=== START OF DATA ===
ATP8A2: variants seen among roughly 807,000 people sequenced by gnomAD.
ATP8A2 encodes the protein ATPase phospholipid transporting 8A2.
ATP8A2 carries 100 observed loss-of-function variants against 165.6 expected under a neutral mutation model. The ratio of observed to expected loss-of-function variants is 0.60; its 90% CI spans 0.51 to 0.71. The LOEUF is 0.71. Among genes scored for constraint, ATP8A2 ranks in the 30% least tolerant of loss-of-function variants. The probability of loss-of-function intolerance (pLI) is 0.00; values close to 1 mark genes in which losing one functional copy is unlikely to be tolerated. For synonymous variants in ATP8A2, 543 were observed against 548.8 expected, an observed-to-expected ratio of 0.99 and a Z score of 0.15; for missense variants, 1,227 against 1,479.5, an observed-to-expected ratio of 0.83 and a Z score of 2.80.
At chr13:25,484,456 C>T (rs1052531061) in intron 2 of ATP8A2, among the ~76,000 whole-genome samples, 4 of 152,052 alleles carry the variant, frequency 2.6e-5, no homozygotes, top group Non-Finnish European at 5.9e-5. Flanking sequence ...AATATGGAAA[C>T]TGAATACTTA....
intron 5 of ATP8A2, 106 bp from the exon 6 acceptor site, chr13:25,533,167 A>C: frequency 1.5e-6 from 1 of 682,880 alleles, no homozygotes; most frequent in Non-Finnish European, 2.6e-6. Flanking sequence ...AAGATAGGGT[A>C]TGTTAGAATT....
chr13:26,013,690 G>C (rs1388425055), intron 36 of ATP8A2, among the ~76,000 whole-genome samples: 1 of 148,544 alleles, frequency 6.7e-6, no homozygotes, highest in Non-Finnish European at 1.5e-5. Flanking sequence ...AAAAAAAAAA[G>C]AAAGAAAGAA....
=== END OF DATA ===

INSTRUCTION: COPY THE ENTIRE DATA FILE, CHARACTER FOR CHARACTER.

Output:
ATP8A2: variants seen among roughly 807,000 people sequenced by gnomAD.
ATP8A2 encodes the protein ATPase phospholipid transporting 8A2.
ATP8A2 carries 100 observed loss-of-function variants against 165.6 expected under a neutral mutation model. The ratio of observed to expected loss-of-function variants is 0.60; its 90% CI spans 0.51 to 0.71. The LOEUF is 0.71. Among genes scored for constraint, ATP8A2 ranks in the 30% least tolerant of loss-of-function variants. The probability of loss-of-function intolerance (pLI) is 0.00; values close to 1 mark genes in which losing one functional copy is unlikely to be tolerated. For synonymous variants in ATP8A2, 543 were observed against 548.8 expected, an observed-to-expected ratio of 0.99 and a Z score of 0.15; for missense variants, 1,227 against 1,479.5, an observed-to-expected ratio of 0.83 and a Z score of 2.80.
At chr13:25,484,456 C>T (rs1052531061) in intron 2 of ATP8A2, among the ~76,000 whole-genome samples, 4 of 152,052 alleles carry the variant, frequency 2.6e-5, no homozygotes, top group Non-Finnish European at 5.9e-5. Flanking sequence ...AATATGGAAA[C>T]TGAATACTTA....
intron 5 of ATP8A2, 106 bp from the exon 6 acceptor site, chr13:25,533,167 A>C: frequency 1.5e-6 from 1 of 682,880 alleles, no homozygotes; most frequent in Non-Finnish European, 2.6e-6. Flanking sequence ...AAGATAGGGT[A>C]TGTTAGAATT....
chr13:26,013,690 G>C (rs1388425055), intron 36 of ATP8A2, among the ~76,000 whole-genome samples: 1 of 148,544 alleles, frequency 6.7e-6, no homozygotes, highest in Non-Finnish European at 1.5e-5. Flanking sequence ...AAAAAAAAAA[G>C]AAAGAAAGAA....